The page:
OIG Monthly Work Plan Review: March 2019

This month, there were 16 new Work Plan items. Three of these may have implications for some labs as detailed below.

Medicare Market Shares of Mail Order Diabetes Test Strips

Issue: The Medicare Improvements for Patients and Providers Act of 2008 (MIPPA) requires HHS-OIG to determine the market shares of diabetes test strips (DTS) supplied via mail order to ensure that Competitive Bidding Program contract bids cover at least 50 percent, by volume, of the DTS types provided to Medicare beneficiaries. This is known as the “50-percent rule.”

OIG Action: The Bipartisan Budget Act of 2018 amended the 50-percent rule by requiring the use of data from mail order and non-mail order Medicare markets. OIG has been conducting Medicare market share evaluations for DTS provided via mail order since 2010.

Medicaid Fraud Control Units Fiscal Year 2018 Annual Report

Issue: OIG provides guidance to the Medicaid Fraud Control Units (MFCUs), assesses MFCUs’ compliance with Federal regulations and policy, and evaluates MFCUs’ adherence to published performance standards.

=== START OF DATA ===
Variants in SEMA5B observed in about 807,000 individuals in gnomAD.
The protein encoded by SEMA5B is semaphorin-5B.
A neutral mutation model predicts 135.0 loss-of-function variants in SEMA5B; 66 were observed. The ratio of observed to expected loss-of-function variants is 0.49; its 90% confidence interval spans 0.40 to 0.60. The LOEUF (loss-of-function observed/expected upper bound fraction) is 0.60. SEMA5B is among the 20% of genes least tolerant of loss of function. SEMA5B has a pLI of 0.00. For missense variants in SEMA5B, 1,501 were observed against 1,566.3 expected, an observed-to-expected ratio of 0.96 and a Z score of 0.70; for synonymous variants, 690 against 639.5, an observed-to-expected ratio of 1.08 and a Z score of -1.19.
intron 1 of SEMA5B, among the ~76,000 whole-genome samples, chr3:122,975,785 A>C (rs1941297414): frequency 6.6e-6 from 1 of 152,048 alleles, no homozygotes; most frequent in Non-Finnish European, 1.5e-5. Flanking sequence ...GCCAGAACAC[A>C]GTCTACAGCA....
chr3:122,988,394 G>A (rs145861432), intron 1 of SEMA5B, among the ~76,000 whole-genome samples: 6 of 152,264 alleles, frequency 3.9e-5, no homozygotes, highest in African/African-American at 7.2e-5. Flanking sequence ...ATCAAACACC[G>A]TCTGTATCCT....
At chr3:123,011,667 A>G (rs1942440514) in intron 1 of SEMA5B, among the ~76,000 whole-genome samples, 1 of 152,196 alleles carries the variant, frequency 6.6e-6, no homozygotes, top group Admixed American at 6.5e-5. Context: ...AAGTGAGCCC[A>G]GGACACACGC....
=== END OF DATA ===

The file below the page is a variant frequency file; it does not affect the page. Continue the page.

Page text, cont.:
OIG Action: This annual report will analyze the statistical information that was reported by the MFCUs for 2018, describing in the aggregate the outcomes of MFCU criminal and civil cases. It will also identify trends in MFCU case results.

Potential Duplication of NIH Research Grant Funding

Issue: The National Institutes of Health (NIH) has 27 Institutes and Centers that manage research initiatives that include awarding grant funding. The Departments of Defense and Labor, Health and Human Services, and Education Appropriations Act, 2019 and Continuing Appropriations Act, 2019 (Public Law No. 115-245) and its Accompanying Report directed that OIG examine the NIH’s oversight of its grantees’ compliance with NIH policies, including NIH efforts to ensure the integrity of its grant application and selection processes.

OIG Action: OIG plans to review NIH’s efforts to ensure the integrity of its grant application and selection process by testing NIH’s internal controls for identifying and addressing potentially duplicative grant funding and overlap within its 27 Institutes and Centers. The objective of the review will be to determine whether NIH’s internal controls were effective in ensuring that grantees did not receive duplicative NIH grant funding.


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